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Study of wound healing and the involvement of the cytoskeleton in Vaucheria longicaulis variety macounii Tornbom, Laurie Jean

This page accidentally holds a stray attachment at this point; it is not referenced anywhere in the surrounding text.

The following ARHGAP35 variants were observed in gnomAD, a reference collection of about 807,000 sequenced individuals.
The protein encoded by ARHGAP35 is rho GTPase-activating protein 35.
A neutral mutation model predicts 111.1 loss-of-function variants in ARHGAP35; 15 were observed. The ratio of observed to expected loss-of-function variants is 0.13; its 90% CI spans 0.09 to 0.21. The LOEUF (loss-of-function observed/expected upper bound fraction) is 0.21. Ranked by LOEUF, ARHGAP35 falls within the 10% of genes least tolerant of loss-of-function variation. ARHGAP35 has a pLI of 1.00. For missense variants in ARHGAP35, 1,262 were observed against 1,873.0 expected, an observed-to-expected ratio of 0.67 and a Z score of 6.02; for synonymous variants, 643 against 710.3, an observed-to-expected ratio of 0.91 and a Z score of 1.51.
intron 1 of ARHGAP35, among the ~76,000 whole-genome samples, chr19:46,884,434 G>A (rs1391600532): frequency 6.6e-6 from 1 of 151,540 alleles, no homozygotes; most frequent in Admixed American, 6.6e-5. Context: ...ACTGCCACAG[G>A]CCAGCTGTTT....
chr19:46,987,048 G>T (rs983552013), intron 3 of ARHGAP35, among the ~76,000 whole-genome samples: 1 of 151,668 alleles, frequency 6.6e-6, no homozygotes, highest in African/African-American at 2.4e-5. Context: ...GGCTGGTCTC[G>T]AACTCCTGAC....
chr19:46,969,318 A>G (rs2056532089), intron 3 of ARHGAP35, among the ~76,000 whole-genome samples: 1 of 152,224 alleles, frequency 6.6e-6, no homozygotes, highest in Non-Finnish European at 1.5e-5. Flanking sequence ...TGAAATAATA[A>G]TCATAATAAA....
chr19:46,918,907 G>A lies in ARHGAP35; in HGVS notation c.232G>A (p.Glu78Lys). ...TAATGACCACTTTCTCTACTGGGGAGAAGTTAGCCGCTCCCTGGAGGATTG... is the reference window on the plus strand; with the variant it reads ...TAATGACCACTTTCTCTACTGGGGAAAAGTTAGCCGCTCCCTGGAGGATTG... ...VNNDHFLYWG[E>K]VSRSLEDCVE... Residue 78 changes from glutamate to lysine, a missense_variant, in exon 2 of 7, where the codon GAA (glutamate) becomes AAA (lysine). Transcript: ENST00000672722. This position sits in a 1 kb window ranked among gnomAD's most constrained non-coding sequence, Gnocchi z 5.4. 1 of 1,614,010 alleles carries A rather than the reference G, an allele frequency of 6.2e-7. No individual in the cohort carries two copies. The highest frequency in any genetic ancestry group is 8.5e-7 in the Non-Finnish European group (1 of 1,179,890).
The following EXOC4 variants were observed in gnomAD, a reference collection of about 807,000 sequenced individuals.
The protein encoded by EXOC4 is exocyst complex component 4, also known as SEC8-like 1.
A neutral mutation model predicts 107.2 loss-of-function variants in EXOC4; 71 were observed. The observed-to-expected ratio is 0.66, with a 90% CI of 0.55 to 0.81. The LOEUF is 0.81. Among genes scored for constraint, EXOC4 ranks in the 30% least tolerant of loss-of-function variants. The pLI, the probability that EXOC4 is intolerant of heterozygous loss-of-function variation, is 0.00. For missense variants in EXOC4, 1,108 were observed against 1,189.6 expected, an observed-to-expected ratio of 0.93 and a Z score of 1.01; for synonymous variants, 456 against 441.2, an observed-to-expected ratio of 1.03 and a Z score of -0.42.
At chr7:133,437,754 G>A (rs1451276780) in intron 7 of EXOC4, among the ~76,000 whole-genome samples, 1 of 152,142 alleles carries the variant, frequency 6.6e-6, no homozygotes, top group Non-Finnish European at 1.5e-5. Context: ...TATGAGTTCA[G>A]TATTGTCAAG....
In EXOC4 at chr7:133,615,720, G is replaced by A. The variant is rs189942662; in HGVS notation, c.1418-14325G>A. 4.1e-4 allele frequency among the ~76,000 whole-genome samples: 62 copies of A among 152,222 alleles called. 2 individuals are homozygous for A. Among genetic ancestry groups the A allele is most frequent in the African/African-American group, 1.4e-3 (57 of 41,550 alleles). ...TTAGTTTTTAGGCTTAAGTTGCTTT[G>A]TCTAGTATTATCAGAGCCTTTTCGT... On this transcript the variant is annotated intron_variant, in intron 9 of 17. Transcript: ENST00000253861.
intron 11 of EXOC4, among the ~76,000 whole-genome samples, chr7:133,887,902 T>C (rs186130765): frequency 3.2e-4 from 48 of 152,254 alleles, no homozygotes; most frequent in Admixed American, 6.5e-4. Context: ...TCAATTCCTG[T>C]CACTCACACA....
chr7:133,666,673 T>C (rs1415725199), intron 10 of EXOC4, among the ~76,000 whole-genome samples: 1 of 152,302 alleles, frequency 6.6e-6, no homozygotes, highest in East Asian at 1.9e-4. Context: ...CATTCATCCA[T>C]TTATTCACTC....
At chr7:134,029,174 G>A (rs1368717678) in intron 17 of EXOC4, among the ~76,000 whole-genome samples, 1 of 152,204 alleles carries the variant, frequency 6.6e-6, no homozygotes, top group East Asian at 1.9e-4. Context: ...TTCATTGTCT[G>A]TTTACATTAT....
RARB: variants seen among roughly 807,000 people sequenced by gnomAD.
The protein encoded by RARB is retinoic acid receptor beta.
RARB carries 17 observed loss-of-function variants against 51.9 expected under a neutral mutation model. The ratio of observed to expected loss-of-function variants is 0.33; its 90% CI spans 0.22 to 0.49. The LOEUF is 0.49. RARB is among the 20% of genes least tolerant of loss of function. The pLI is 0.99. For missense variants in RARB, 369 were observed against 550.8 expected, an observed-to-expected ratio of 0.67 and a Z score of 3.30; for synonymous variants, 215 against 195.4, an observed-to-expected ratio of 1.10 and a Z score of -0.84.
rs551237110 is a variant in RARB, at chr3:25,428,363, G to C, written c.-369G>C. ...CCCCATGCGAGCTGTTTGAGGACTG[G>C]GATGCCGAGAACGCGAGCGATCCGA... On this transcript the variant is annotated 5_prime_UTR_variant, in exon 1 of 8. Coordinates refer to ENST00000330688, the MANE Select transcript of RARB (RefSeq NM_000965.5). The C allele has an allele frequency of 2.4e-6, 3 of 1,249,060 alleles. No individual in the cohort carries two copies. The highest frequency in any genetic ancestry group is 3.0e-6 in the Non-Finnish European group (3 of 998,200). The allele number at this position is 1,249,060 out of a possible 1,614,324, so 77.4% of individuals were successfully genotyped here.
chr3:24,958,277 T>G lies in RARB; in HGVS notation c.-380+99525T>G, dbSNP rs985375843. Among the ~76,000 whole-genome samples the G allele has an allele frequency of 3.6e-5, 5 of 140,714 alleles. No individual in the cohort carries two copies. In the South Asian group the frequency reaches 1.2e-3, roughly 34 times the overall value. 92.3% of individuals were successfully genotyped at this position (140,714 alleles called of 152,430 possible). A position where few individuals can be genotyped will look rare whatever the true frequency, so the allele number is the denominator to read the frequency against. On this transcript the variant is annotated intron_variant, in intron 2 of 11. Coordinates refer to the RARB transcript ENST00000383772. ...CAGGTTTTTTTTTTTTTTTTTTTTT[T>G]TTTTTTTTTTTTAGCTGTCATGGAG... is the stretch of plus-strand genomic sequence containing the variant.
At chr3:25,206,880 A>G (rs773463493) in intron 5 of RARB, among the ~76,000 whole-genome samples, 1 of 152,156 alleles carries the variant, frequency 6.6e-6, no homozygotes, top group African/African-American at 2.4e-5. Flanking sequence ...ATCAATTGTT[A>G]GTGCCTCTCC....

Vaucheria longicaulis var. macounii is a coenocytic siphonous member of the Division Chrysophyta. This alga grows in the intertidal zone, and it is exposed to grazing damage by slugs and snails, as well as probable fragmentation and sand abrasion due to wave action. V. lonqicaulis exhibits the capacity to heal large transverse wounds, and this wound healing process is the object of this study. The sequence of events leading to wound healing and resumption of growth are studied by light microscopy as well as the use of differential interference contrast optics. Wound healing has been divided into four stages. In Stage 1, a bi-membranous wound healing vesicle is rapidly extruded from the wound site. Loss of turgor pressure, as observed by the appearance of plasmolysis, is observed along the length of the filament. In Stage 2, the wound healing vesicle is sealed off from the filament by the fusion of the plasma membrane and tonoplast at the wound site. Organelles then accumulate at the membranous barrier created by the sealing off procedure. This is followed by chloroplast retraction and return to the wound site, concurrent with restoration of turgor pressure in late Stage 2.In Stage 3 chloroplasts again retract and return to the wound site, in preparation for Stage 4 that finally leads to the resumption of growth on the part of the healed filament. The effect of wound healing on organelle distribution has been studied with the use of selective fluorochromes. The distribution of nuclei, identified by DAPI staining, remains uniform throughout the wound region. CTC fluorescence along the wound site and wound vesicle cytoplasm implies the importance of Ca²⁺-based exocytosis in both wound healing vesicle expansion and its sealing off from the filament. Mitochondria and probable lipid bodies (designated RBIs) are identified by staining with DiOC6 and Rhodamine B, respectively. They are present in the wound healing vesicle cytoplasm and accumulate along the wound site. The cytoskeleton is identified as strand-like cables or tracks by differential contrast microscopy. The cytoskeleton tracks are oriented parallel to the length of the filament, and the organelles are closely associated and appear to move along them. In uncut filaments, the different classes of organelles move independently of one another and travel at different speeds. Chloroplasts, mitochondria, RBIs, and smaller organelles (SSIs) exhibit a bulk pattern of motion characterized by brief reversals in their primary pattern of movement that do not affect their final direction of travel. Nuclei move independently of each other and do not reverse their direction of movement. In cut filaments, cytoskeleton density and relationship to organelles in the wound region during Stage 1 is similar to that in uncut filaments, and extends into the wound healing vesicle. Mitochondria size organelles move in bulk rapidly toward the wound site and into the wound healing vesicle. In Stage 2, an increase in cytoskeleton density is observed in the wound region, and bulk movement of mitochondria and similar size organelles toward the wound occurs. Nuclei also move in bulk unidirectionally toward the wound. Organelle retraction from the wound is restricted to chloroplasts. Both uncut and cut filaments are treated with the cytoskeleton depolymerizers Cytochalasin B and Oryzalin to determine the role(s) of microfilaments and microtubules in organelle movement and the overall role of the cytoskeleton in the wound healing process. In uncut filaments, cytoplasmic streaming is severely reduced by both Cytochalasin B and Oryzalin, with the greatest reduction observed following Cytochalasin B treatment. Work in cut filaments points to a preferential association between microfilaments and chloroplasts, mitochondria, and RBIs, and microtubules with nuclei during the wound healing process. Consequently, bulk movement of chloroplasts and mitochondria (with temporary reversals) in uncut filaments may be microfilament based, and the independent nuclear movement may be microtubule based.

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